Do Waist Trainers Really Work?
If reality stars don’t feature heavily on your social media channels, then you may be forgiven for not knowing what a waist trainer is. For its thanks to the likes of the Kardashian sisters—who have been paid vast sums of money to promote them—that global sales of waist trainers have risen to $8.1 million (around £6.3 million), according to The Wall Street Journal.
Waist trainers are essentially the modern-day corsets, and they’re readily available on the internet, with Amazon's best seller, Ekouaer Breathable Waist Trainer (£17) having pages of five-star reviews. They are a stretchy band of latex fabric with adjustable hooks to tighten or loosen as you see fit, all with the aim of creating an hourglass shape. There are only a few differences between the traditional corset and the waist trainer.
The Victorian corset, which is when the corset was at its peak of fashionability, contained boning in it with the aim to make women stand taller, support their backs (historians have since proven they didn’t support backs but actually reshaped women’s spines into an uncomfortable S shape) and an immense amount of ribbons and ties to get the waist as tiny as possible. Historians have reported that the average Victorian woman’s waist measured in at 22 inches.
Modern-day waist trainers are thankfully made from far more flexible material and unable to get waists that small, but they do claim to offer back support and the ability to reshape the waist and are sold as the perfect workout accessory to burn even more calories. Waist Gang Society—the brand the Kardashians are linked to—pitch its waist trainers as being able to “permanently get rid of unwanted inches around the waist” and “the tight compression will help to reduce food intake.”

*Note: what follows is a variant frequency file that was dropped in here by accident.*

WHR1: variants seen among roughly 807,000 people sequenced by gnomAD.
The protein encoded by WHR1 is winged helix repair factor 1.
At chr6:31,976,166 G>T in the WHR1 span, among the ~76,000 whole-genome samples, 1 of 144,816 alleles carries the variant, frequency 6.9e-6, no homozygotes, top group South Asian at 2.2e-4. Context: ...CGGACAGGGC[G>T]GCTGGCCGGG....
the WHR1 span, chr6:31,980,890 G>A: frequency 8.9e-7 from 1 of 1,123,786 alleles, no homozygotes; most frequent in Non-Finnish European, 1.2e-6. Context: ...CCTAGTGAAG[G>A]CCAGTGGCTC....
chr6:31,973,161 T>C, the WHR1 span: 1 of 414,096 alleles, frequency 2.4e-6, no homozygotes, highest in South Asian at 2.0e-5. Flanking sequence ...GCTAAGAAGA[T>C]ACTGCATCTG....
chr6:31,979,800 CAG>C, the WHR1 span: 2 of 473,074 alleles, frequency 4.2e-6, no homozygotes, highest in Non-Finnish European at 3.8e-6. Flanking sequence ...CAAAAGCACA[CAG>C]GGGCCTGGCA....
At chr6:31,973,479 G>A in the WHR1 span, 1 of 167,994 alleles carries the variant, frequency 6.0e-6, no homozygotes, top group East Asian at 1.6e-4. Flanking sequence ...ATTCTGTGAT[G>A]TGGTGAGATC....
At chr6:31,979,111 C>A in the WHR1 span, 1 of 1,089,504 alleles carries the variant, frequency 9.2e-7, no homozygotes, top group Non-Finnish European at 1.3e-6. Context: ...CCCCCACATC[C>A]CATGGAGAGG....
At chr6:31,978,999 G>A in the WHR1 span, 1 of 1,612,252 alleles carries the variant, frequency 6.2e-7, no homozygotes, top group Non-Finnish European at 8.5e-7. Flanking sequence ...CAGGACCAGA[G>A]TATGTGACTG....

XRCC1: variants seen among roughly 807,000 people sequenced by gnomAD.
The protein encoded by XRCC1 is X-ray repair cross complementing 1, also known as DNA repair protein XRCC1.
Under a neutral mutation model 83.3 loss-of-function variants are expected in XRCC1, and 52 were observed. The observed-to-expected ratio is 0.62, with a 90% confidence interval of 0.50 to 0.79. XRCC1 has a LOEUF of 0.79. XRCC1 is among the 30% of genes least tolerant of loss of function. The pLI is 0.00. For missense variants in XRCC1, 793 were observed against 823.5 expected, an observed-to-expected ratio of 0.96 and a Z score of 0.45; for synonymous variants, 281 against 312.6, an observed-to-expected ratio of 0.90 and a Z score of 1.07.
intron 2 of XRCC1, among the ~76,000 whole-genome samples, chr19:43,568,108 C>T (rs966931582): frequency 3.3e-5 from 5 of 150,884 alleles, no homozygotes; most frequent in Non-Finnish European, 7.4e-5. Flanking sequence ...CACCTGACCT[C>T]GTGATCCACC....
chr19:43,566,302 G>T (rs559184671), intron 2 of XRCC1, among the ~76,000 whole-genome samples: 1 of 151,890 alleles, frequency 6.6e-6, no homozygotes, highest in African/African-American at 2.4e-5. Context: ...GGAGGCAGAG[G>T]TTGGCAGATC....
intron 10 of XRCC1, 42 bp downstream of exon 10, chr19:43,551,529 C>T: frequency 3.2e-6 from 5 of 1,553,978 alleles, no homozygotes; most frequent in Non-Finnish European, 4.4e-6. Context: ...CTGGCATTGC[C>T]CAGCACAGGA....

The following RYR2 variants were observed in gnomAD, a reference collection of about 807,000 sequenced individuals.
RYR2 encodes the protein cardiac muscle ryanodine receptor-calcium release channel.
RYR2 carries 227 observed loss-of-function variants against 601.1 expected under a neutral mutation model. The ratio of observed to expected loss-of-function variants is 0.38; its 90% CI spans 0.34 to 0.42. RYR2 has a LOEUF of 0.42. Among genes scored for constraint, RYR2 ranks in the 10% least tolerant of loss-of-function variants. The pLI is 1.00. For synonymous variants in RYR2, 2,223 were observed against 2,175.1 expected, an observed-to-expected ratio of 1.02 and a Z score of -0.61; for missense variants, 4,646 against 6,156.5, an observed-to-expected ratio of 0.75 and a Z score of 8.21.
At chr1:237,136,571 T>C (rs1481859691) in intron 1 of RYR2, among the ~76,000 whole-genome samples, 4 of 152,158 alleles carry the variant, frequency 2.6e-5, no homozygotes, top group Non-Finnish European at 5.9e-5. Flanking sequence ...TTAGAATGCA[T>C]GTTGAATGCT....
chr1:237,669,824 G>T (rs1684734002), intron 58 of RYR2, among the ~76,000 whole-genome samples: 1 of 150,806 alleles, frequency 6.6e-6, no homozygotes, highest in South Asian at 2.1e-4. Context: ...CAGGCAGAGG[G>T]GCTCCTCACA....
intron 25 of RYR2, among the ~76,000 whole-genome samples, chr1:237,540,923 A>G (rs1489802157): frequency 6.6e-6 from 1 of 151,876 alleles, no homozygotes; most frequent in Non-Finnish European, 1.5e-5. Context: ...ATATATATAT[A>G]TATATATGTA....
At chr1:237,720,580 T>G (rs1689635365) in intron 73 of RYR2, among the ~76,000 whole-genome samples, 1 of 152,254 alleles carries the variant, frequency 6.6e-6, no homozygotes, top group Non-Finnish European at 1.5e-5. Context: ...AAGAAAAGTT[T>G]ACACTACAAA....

But do they really work? Read on to find out what our experts think.
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what the personal trainer says
“I’m afraid these do not work!” says Lee Mullins, founder of The Workshop Gymnasium. “The only benefit they may have, if you’re working out in one, is it may help keep your posture in check. But that could give you a false sense of support and actually lead you to work your core muscles less, than without one.” “The best way to target your waist is to combine resistance training with lower carbohydrate consumption. Hard work and not as easy as a waist trainer, but it actually works.”
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what the doctor says
“Waist trainers effectively act as a quick fix to disguise a waistline. However, there is no scientific evidence that supports their use in weight loss or permanently enhancing your figure,” says Pav Dhesi, MD. “Waist trainers also effectively compress a proportion of organs in your abdomen, which can theoretically lead to problems with breathing and cause reflux. They may well disguise your waistline, but health benefits are most likely not going to be achieved through their use.”
So there you have it—whilst waist trainers may have cult status on social media, according to our experts, they are not worthy of your time or money.
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